Chairman Bob Stump, 335 Cannon House Office Building, Washington D.C. 20515
CONTACT: DAN AMON
MARCH 23, 1999
House Approves More Consistent Regulations for Burial at Arlington National Cemetery
WASHINGTON, D.C. – The House approved by a 428-2 vote Tuesday a measure preserving Arlington National Cemetery as the most hallowed burial ground of America’s military heroes, eliminating waivers and tightening eligibility requirements.
H.R. 70 is identical to a measure that passed the House last year 412-0, but saw no action in the
Senate. House Veterans’ Affairs Committee Chairman Bob Stump (R-AZ) said he expected the Senate to pass its version of the measure this year.
“We look forward to working with the Senate to see this measure signed into law,” Chairman Stump said after passage, “By doing so, we would assure America’s military heroes we still honor their service and sacrifices.”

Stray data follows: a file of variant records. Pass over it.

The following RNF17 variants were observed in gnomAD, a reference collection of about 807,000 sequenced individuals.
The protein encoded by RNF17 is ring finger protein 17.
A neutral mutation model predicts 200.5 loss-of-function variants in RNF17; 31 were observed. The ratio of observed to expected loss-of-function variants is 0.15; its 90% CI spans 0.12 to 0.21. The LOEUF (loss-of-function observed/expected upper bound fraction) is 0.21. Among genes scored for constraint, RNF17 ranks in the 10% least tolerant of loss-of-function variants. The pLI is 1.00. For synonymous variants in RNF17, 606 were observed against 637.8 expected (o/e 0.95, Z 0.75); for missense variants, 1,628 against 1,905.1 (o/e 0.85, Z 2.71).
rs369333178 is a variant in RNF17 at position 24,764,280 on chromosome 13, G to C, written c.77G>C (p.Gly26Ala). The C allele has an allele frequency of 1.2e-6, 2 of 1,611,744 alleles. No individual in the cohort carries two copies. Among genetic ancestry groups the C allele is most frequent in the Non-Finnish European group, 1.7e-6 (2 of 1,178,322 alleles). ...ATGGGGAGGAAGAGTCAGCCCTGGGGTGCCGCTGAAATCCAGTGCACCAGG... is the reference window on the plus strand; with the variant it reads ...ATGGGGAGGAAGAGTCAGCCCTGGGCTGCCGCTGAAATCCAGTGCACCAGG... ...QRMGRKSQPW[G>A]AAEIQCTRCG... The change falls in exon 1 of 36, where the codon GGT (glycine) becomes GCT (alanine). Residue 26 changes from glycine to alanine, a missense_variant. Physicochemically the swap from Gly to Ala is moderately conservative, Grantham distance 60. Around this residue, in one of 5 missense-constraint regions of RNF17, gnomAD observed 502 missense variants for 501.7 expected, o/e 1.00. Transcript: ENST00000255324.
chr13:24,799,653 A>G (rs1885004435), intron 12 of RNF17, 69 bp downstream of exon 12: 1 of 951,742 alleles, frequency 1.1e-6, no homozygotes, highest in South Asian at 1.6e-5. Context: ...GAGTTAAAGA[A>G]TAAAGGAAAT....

“Arlington National Cemetery Cemetery belongs to our veterans, and we should keep it that way,” said Committee member Cliff Stearns (R-FL) before the vote.
H.R. 70 was the first bill Chairman Stump introduced in January. It is designed to make sure only veterans who meet stringent service criteria are buried in Arlington National Cemetery. The measure would eliminate automatic eligibility for members of Congress, cabinet members and ambassadors who don’t otherwise meet the military requirements.
Neither Stump, a U.S. Navy veteran of World War II, nor ranking Democratic member Lane Evans (D-IL), a Vietnam-era Marine Corps veteran, would be eligible for burial at Arlington under this measure.
The use of waivers and other practices came under the scrutiny of the Veterans’ Affairs Subcommittee on Oversight and Investigations in the previous Congress. Investigators discovered inconsistencies in granting waivers, including one for a former ambassador later found to have lied about his World War II service.
Read our general and most popular articles
Michael Robert Patterson was born in Arlington and is the son of a former officer of the US Army. So it was no wonder that sooner or later his interests drew him to American history and especially to American military history. Many of his articles can be found on renowned portals like the New York Times, Washingtonpost or Wikipedia.
Reviewed by: Michael Howard